Students nationwide have rebounded after pandemic. But not in Oregon. Consequences could be severe –

Students around the country have shown promising signs of rebounding from the COVID era’s massive disruptions to learning, according to a first-of-its-kind multi-state analysis by researchers at Harvard and Stanford universities.

But not in Oregon.

Unlike in the 29 other states studied, Oregon students as a whole have failed to regain either reading or math skills, researchers found.

The state’s elementary and middle school students remain an average of about two-thirds of a year behind in reading compared to pre-pandemic levels and three-fourths of a year behind in math, the study found. That’s roughly two to three times the deficit faced by students nationwide, the study found.

Those dispiriting results come despite a $1.6 billion infusion of federal pandemic aid to the state’s 197 school districts. That money will run out in eight months, and most Oregon school districts have already spent most of it with little to show for it.

Oregon has focused on DIE (Diversity Inclusion Equity) initiatives, politicizing the classroom, lowering academic standards, and turning a blind eye to student misbehavior. Leaders have done just about everything they can to hamper actual learning. 

“The initial [academic] losses in Oregon were among the largest in our study,” said Thomas Kane, faculty director of the Center for Education Policy Research at Harvard University and a co-author of the study, which used state test scores from 2019, 2022 and 2023 and triangulated them against scores on a national exam given in all states in 2019 and 2022. In Oregon, Kane said, “We saw very little evidence of improvement between 2022 and 2023, whereas most states did.”

Oregon lost the most, recovered the least. Translated: We did dumb things and we’re still doing them.

Oregon’s poor performance cannot be fully explained by the fact that the state had some of the nation’s longest school closures. Students in California and Washington, where schools were closed for around the same length of time, have shown academic rebounds in math and slimmer continued losses in reading than Oregon.

Covid was an unknown contagion for much of this. Also, it needs to be mentioned that these states were among the lowest in deaths per capita from Covid. Stopping the transmission vectors—daily in person school being one of those—was a large part of that.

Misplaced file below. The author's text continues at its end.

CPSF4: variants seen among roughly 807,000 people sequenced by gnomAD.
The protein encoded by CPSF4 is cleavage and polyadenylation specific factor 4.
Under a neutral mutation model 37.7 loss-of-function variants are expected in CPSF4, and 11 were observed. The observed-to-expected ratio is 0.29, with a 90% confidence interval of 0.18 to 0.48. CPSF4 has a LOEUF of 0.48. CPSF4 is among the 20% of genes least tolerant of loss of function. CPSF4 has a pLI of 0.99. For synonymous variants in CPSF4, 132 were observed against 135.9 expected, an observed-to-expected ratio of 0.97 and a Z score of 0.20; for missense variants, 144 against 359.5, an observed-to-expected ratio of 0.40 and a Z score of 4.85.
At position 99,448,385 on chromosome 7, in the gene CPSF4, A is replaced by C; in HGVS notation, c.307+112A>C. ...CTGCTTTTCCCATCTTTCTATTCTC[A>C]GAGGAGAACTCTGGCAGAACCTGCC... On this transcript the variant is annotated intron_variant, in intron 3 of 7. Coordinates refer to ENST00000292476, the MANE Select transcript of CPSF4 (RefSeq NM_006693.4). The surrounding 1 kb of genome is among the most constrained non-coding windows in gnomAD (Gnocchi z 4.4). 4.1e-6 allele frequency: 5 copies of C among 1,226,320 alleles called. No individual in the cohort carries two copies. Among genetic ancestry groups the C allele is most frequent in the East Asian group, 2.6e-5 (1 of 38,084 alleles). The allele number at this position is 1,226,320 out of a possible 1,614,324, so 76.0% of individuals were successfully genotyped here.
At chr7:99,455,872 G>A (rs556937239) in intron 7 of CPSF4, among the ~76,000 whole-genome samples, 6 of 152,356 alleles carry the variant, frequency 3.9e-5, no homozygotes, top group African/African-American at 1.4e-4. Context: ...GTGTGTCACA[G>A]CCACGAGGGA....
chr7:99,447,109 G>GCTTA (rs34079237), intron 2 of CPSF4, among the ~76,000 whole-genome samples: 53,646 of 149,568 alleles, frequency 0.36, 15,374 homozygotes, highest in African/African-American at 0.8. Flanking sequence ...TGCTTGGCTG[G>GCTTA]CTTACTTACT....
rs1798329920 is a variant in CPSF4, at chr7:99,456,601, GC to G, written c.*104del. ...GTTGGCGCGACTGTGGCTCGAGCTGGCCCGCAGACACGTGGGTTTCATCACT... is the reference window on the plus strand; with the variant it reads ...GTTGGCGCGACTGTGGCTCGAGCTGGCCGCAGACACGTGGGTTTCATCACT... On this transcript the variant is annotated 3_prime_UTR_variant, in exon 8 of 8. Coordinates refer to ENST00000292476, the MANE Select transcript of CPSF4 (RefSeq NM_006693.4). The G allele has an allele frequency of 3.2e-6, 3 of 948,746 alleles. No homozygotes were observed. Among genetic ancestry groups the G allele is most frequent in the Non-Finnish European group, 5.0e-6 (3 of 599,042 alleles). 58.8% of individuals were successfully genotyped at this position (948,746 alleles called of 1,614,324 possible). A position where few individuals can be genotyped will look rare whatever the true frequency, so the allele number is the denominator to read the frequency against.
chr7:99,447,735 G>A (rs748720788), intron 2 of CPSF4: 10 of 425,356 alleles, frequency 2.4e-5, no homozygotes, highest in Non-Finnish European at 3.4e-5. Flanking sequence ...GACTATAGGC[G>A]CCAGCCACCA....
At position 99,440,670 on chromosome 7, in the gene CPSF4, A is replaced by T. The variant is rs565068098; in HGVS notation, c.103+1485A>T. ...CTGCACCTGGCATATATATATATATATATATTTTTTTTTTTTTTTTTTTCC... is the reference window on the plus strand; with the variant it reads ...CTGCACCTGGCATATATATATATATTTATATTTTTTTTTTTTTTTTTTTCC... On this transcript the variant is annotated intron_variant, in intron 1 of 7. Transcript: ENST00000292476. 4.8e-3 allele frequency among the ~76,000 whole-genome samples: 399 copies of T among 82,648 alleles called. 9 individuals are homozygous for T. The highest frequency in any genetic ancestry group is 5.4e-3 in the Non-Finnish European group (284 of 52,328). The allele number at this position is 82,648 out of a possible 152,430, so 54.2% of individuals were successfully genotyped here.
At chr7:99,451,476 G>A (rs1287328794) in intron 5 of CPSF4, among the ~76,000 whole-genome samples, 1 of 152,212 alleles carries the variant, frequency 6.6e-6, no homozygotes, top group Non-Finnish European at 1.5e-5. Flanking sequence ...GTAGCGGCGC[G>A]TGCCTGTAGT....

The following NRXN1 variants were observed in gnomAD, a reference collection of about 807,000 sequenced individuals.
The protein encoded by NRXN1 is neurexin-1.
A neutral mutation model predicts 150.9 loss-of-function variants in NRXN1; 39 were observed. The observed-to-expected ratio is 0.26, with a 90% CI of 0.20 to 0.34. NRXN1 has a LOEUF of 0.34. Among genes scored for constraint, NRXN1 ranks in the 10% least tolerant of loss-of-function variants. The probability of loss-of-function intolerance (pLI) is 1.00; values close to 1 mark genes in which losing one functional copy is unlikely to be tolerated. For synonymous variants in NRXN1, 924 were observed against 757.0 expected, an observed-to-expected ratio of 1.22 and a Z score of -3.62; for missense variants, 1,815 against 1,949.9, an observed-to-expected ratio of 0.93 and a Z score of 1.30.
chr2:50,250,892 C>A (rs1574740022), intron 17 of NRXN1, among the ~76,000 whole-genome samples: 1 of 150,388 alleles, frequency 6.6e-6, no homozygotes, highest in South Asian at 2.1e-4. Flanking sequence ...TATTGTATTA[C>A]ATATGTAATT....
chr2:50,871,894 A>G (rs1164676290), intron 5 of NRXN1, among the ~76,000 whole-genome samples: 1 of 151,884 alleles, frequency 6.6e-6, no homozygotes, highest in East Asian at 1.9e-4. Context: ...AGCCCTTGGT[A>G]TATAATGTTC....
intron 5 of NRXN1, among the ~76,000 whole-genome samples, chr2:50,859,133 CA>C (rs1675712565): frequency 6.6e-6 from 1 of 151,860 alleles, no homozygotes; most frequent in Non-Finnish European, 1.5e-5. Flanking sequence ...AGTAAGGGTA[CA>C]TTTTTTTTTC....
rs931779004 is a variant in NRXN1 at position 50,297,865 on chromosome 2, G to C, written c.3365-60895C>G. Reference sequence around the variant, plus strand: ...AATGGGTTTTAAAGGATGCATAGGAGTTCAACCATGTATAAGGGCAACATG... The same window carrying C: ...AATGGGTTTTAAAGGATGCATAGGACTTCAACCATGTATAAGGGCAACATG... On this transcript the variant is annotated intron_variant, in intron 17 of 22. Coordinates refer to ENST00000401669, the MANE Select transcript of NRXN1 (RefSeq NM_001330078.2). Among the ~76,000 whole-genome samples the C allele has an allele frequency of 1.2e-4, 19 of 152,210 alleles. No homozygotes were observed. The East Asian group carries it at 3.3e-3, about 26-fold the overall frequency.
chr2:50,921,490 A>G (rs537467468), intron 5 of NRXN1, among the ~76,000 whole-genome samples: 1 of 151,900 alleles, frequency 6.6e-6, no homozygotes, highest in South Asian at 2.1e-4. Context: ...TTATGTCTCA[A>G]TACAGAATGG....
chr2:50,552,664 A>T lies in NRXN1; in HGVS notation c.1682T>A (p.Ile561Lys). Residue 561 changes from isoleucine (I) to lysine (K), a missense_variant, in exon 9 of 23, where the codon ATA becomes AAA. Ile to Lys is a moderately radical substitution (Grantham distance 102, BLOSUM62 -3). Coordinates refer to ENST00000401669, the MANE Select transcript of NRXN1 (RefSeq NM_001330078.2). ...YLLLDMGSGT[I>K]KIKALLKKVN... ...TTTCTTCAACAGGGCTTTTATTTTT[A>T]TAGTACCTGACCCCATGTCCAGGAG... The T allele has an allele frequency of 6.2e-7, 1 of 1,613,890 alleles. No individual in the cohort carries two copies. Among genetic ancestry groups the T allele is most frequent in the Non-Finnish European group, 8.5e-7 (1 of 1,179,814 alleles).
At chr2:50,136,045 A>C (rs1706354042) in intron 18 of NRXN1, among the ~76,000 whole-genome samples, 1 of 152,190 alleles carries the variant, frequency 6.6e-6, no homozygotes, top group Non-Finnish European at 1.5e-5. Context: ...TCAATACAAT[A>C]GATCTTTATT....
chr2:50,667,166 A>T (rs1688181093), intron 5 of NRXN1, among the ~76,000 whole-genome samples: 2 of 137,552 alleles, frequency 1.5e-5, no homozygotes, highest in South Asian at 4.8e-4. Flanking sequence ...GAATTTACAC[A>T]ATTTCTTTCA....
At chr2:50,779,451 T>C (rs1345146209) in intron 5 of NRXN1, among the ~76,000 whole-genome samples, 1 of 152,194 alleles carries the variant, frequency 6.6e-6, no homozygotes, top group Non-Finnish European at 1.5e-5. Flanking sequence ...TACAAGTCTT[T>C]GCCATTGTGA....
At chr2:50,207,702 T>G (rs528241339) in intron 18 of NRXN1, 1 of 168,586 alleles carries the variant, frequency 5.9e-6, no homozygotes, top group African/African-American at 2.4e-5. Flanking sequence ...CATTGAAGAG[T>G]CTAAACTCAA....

State education officials could not pinpoint why Oregon students haven’t shown gains, even as students in Illinois, Louisiana and Mississippi are back to performing at 2019 levels in reading and students in Alabama have hit pre-pandemic levels in math. But state schools chief Charlene Williams said Oregon needs to strengthen instruction systemwide.

“What we’ve been doing has not been working,” Williams said. “There are spaces for us to be more consistent across the board. We cannot have 197 school districts doing 197 different things.”

Or, perhaps, the state officials themselves are part of the problem. 

…In Oregon, as in most states, there was only one requirement for spending the huge dose of federal aid: 20% had to go towards academic recovery. And that was essentially meaningless, as each district was left to decide what academic recovery meant.

As a result, there was little consensus about which interventions should be classified as helping students catch up, which proved detrimental, said Sarah Pope, the executive director of Stand for Children Oregon.

“Oregon’s results are unacceptable. Our educators and children are just as talented as the educators and children in every other state,” Pope said. She decried the lack of “a statewide, focused, research-based strategy. The research is clear on what accelerates student learning, and our state didn’t insist we do that with these funds.”

Every politically-based problem in this state is owned by the Democrats. Education is just another in a long list.

Salem-Keizer, Oregon’s second-largest district, serves a high proportion of low-income students – and it received the most federal funding statewide: $97 million.

It spent the largest chunk of that, around $18 million, to keep class sizes small in early elementary school grades. That strategy was popular with both teachers and families in a district where declining enrollment would otherwise have translated to immediate job losses.

“We were working on the theory that our youngest students were the most impacted, between missing preschool and disrupted kindergarten,” said Suzanne West, Salem-Keizer’s director of strategic initiatives. “So we made the intentional decision at K-2 to employ more licensed teachers than our enrollment would dictate.

But the investment has yet to yield measurable academic gains. Only a dismal 20% of the district’s third graders scored as proficient in reading in 2023, a 1% decrease from the previous year, though the young students who got the most concentrated help have yet to age into standardized testing, which begins at grade three. Overall, Salem-Keizer students in tested grades remain a year behind pre-pandemic learning levels in both reading and math.

And now that the funding is running out, Salem-Keizer is preparing to make deep cuts in its workforce for the upcoming school year, reductions that Superintendent Andrea Castañeda has said will touch virtually every corner of every school.

It doesn’t matter how many teachers you deploy if you’re teaching them the wrong things. These results come from an inept state government department who, when confronted with the results, insists that the solution is that they be given more control.